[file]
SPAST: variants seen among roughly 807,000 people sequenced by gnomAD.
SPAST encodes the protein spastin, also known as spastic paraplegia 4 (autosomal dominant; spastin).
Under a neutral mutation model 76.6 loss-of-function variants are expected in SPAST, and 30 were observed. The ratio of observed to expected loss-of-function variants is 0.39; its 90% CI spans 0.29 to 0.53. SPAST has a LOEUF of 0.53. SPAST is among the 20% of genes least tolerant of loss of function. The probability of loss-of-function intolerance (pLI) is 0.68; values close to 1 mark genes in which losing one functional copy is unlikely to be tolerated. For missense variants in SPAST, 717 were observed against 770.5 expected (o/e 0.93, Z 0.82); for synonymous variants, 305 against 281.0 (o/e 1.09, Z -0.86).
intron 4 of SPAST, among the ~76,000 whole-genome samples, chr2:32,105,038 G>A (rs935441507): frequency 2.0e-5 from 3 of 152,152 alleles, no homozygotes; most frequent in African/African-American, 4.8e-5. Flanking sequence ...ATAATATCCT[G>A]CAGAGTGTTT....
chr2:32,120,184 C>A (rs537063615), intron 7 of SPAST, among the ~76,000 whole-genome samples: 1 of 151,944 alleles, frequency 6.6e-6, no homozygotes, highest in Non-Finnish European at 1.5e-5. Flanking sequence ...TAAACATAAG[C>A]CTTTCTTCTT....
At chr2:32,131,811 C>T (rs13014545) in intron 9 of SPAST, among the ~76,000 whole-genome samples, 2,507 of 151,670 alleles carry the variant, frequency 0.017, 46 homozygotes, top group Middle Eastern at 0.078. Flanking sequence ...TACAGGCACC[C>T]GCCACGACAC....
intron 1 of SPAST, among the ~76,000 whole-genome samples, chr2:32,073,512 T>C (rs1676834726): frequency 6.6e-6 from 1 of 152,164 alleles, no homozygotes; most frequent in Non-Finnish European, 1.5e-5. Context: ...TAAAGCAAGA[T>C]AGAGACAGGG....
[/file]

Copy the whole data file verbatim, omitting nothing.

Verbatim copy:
SPAST: variants seen among roughly 807,000 people sequenced by gnomAD.
SPAST encodes the protein spastin, also known as spastic paraplegia 4 (autosomal dominant; spastin).
Under a neutral mutation model 76.6 loss-of-function variants are expected in SPAST, and 30 were observed. The ratio of observed to expected loss-of-function variants is 0.39; its 90% CI spans 0.29 to 0.53. SPAST has a LOEUF of 0.53. SPAST is among the 20% of genes least tolerant of loss of function. The probability of loss-of-function intolerance (pLI) is 0.68; values close to 1 mark genes in which losing one functional copy is unlikely to be tolerated. For missense variants in SPAST, 717 were observed against 770.5 expected (o/e 0.93, Z 0.82); for synonymous variants, 305 against 281.0 (o/e 1.09, Z -0.86).
intron 4 of SPAST, among the ~76,000 whole-genome samples, chr2:32,105,038 G>A (rs935441507): frequency 2.0e-5 from 3 of 152,152 alleles, no homozygotes; most frequent in African/African-American, 4.8e-5. Flanking sequence ...ATAATATCCT[G>A]CAGAGTGTTT....
chr2:32,120,184 C>A (rs537063615), intron 7 of SPAST, among the ~76,000 whole-genome samples: 1 of 151,944 alleles, frequency 6.6e-6, no homozygotes, highest in Non-Finnish European at 1.5e-5. Flanking sequence ...TAAACATAAG[C>A]CTTTCTTCTT....
At chr2:32,131,811 C>T (rs13014545) in intron 9 of SPAST, among the ~76,000 whole-genome samples, 2,507 of 151,670 alleles carry the variant, frequency 0.017, 46 homozygotes, top group Middle Eastern at 0.078. Flanking sequence ...TACAGGCACC[C>T]GCCACGACAC....
intron 1 of SPAST, among the ~76,000 whole-genome samples, chr2:32,073,512 T>C (rs1676834726): frequency 6.6e-6 from 1 of 152,164 alleles, no homozygotes; most frequent in Non-Finnish European, 1.5e-5. Context: ...TAAAGCAAGA[T>C]AGAGACAGGG....